We speak with Doug Stephens, Founder of Retail Prophet, a global advisory service. In his opinion, retailers should be looking at their physical stores as an experiential media point for the purpose of customer acquisition.
What do you think the post-COVID retail landscape will look like?
We’re going to emerge to a very different landscape. Brands that were undercapitalized, over-leveraged, too reliant on physical stores and those with low equity with consumers are being wiped out. Others with stronger fundamentals are hanging on. But for a handful of brands, namely Amazon, Walmart, Alibaba and JD.com, the pandemic has been like a year of steroids. When we finally put the pandemic behind us, these brands are going to infinitely larger and more far-reaching into the lives of consumers than ever before. That’s both a blessing and a curse if you’re Amazon because they now have new and heightened expectations for shareholder returns and profitability to contend with. This will drive them into new categories like healthcare, education, insurance, banking and transportation – categories vulnerable to disruption but also highly lucrative. When that happens, these brands will become like consumption bubbles that consumers never have to leave. More like utility companies than retailers. The result is a market where all other retailers are going to have to dramatically shift their positioning and value to survive. In my upcoming book, Resurrecting Retail, I present ten archetypal business models that will thrive in the shadows of these giants.
We’re going to emerge to a very different landscape
What will be the biggest problem or weakness that the physical store have to deal with?
Physical retail, as we know it today, was a product of the Industrial Revolution. It was never intended for the post-digital age. As a result, brick and mortar stores are inherently limiting as a means of distribution. Limited operating hours, staffing costs, product inventory costs – all of these things make little sense in a post-digital world where anything consumers want is at their fingertips. But that doesn’t mean the store doesn’t have value. It just means we have to regard them differently. To that end, retailers should be looking at their physical stores as an experiential media point for the purpose of customer acquisition. Stores are media. Physical experiences are the most powerful means of galvanizing a relationship with a customer and drawing them into a brand. Likewise, every piece of media a brand creates must now become “the store” – in other words shop-able.
Retailers should be looking at their physical stores as an experiential media point for the purpose of customer acquisition
What role will technology play?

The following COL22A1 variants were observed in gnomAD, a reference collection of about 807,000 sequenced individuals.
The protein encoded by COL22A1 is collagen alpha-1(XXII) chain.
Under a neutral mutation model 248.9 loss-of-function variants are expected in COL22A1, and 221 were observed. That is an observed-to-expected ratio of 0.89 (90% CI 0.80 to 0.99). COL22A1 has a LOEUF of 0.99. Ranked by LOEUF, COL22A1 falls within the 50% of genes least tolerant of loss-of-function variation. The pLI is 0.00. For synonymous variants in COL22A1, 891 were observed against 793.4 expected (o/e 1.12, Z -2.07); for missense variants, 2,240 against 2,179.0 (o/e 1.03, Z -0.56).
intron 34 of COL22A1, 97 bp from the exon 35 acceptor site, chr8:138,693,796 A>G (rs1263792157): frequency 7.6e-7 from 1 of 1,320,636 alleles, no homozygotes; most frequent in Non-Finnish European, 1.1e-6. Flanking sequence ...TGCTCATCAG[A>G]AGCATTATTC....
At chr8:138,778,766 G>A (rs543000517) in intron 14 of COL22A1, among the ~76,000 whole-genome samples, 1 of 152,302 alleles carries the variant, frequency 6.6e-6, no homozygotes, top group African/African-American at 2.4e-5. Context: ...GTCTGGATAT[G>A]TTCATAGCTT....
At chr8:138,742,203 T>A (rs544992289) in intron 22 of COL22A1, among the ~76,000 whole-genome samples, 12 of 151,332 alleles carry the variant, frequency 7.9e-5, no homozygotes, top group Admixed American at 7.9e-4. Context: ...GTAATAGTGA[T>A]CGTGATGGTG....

From a consumer side, technology has to be viewed as the connective tissue between each moment in the customer journey. But that doesn’t mean the experience itself must always involve technology. We need to celebrate the analog, physical joy of shopping wherever possible.
From the brand side, technology AI and data technology has to become the connective tissue between every aspect of delivering that experience to customers. From the supply chain, through the value chain and down to the micro moments in every consumer journey, technology should be providing the brand with a constant feedback loop on how the organization is performing relative to the quality of customer experience, the effectiveness of branded content and of course, the efficiency of the enterprise.
In both cases, the questions organizations need to ask is NOT what technology should we be employing but rather what organizational and consumer experience outcomes are we targeting and which technologies can help us achieve those ends.
We need to celebrate the analog, physical joy of shopping wherever possible
How will customer loyalty be achieved?
By being awesome. It sounds like hype but it’s just a fact that if you’re not doing something unique, compelling or powerful, you’re invisible. So how do you become awesome? For some retailers it will be about creating a unique culture that consumers gravitate to – Nike and Lululemon are solid examples. For others it will be about creating entertainment value for shoppers. Others will win through intense service levels, like Nordstrom, for instance. And some will win almost purely on the merits of exceptional product design, with Dyson being a good example. Regardless of which path is chosen, retailers will have to add extraordinary value beyond the simple distribution of product. Anything less simply won’t cut it.
Retailers will have to add extraordinary value beyond the simple distribution of product.
Are you optimistic about the future of retail?
Always! Sure, we’re losing some of the retail industry’s old-growth forest through the wildfire of Covid-19 but that’s also allowing sunlight and water to get to new, creative and promising businesses. Every crisis presents new opportunities.